"The crisis takes a much longer time coming than you think, and then it happens much faster than you would have thought." Rudiger Dornbush

"It is the mark of an educated mind to be able to entertain a thought without accepting it." Aristotle
 
triage
post Posted: Jul 31 2013, 11:32 AM
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In Reply To: henrietta's post @ Jul 31 2013, 08:46 AM

J

Well the NSW Chief Scientist is clearly an intelligent fool and way out of her zone of knowledge.

The csg industry in Queensland was built on the backs of small operators like QGC and Arrow trying novel approaches and having a crack when all the mainstream players were either playing safe or ridiculing its potential: I remember well the loud-mouthed yanky boss of Woodside deriding csg as being "girlie gas" that the north Asians would not be bothered with. If it had not been for the likes of QGC and Arrow then I suggest Qld would be in as big a hole as NSW currently is (which by the way she is also blithely ignorant of as well: how unrealistic is it that she suggests that the industry can wait around until some time next year for her to produce a final report, for the government then to introduce regulations, and then expect the industry to gear up csg production sufficiently to meet the supply crunch that will begin to grip NSW by late 2015).

She may be well skilled at looking down a microscope or applying some complex formulae but she obviously knows nothing about how in business often the largest of oak trees start out as the smallest of accorns. CSG is perfectly suited to having small players mingling with the major operators as the drilling of wells tend to be much shallower and far less expensive than for say shale gas or offshore gas.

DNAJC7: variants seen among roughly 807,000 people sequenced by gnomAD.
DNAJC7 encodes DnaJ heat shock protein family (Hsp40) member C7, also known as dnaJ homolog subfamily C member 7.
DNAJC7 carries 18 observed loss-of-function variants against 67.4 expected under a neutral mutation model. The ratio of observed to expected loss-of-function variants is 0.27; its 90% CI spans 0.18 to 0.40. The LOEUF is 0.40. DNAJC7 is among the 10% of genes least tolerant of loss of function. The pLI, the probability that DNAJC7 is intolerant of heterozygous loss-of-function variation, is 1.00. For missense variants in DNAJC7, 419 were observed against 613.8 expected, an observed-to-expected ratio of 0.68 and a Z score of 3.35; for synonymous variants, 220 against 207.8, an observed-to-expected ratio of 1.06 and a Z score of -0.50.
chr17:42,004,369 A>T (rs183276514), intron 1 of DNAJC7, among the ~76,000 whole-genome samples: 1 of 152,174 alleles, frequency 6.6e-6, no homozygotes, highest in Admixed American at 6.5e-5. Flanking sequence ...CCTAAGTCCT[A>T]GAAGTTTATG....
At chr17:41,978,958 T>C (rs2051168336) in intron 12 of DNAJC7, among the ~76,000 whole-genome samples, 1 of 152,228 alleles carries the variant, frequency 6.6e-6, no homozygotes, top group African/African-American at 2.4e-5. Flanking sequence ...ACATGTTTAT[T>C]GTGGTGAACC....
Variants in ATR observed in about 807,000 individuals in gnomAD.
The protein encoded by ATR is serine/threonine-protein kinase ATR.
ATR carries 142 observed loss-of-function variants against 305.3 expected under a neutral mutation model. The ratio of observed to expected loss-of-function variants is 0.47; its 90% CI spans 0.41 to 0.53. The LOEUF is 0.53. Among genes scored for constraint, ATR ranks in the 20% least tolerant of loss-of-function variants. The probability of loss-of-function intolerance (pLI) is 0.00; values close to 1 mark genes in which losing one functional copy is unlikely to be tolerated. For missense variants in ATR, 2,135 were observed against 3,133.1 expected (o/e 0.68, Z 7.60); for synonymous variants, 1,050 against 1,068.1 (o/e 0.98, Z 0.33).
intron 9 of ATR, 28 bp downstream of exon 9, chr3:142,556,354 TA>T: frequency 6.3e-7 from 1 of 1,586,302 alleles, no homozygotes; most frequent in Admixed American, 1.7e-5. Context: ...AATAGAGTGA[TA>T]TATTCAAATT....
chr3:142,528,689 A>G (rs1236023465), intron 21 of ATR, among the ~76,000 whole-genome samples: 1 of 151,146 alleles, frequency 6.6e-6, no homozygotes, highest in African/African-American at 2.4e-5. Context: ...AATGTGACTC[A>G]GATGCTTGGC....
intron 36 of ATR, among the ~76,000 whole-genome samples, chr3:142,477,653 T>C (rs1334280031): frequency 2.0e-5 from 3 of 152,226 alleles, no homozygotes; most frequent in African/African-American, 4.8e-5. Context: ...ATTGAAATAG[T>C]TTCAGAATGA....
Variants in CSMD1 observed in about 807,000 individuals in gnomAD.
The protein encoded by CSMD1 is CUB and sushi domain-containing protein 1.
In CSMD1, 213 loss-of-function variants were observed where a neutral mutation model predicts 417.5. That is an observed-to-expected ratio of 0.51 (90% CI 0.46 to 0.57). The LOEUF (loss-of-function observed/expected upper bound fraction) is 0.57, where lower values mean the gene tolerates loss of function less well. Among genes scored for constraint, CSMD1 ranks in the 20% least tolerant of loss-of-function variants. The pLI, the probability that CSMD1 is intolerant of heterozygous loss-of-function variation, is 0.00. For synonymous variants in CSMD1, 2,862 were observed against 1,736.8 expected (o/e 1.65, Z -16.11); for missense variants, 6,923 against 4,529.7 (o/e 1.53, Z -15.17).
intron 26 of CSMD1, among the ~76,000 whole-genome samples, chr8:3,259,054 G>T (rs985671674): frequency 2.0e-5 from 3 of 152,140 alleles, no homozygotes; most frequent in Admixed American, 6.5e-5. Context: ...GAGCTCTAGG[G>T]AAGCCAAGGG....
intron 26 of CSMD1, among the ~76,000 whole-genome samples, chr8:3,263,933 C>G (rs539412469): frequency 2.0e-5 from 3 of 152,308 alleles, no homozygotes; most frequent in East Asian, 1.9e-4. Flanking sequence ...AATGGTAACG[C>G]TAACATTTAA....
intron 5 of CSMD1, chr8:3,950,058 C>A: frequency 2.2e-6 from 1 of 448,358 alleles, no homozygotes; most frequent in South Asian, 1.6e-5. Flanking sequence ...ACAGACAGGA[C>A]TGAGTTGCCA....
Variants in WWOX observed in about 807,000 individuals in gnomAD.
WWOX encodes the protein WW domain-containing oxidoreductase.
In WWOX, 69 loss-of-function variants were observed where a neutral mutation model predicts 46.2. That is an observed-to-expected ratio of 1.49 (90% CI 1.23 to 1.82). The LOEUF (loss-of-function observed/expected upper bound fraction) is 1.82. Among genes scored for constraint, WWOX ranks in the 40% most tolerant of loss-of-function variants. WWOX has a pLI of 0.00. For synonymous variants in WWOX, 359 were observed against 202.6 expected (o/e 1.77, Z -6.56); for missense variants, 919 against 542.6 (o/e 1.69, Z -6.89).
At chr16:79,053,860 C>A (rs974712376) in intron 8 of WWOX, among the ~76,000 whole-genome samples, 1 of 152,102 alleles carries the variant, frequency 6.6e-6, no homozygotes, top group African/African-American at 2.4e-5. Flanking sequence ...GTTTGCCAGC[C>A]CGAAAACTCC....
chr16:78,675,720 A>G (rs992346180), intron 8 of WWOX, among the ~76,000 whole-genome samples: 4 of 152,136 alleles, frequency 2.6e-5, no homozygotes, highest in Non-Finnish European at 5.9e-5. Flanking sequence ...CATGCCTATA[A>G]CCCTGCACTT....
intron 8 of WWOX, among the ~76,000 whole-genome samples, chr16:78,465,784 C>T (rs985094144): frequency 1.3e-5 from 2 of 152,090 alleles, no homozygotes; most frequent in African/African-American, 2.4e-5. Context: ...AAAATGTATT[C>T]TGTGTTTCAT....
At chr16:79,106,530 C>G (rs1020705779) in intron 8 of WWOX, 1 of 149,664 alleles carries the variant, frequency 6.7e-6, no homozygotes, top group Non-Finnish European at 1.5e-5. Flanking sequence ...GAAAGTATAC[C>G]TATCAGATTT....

Sorry but this is a perfect case of someone's relative ignorance being afforded the same gravity as another person's knowledge. Extraction of csg has been going on for decades and its strengths and weaknesses and risks are well known to those with expertise and experience in the sector. That the NSW Chief Scientist seems to think she has the luxury of re-inventing that particular wheel at her own pace is an indictment on her professionalism and the NSW government's management prowess (imo).



--------------------
"The market can stay irrational longer than you can stay solvent." John Maynard Keynes

"The crisis takes a much longer time coming than you think, and then it happens much faster than you would have thought." Rudiger Dornbush

"It is the mark of an educated mind to be able to entertain a thought without accepting it." Aristotle
 
henrietta
post Posted: Jul 31 2013, 08:46 AM
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In Reply To: triage's post @ Jul 30 2013, 10:34 PM

Here's a link to today's report.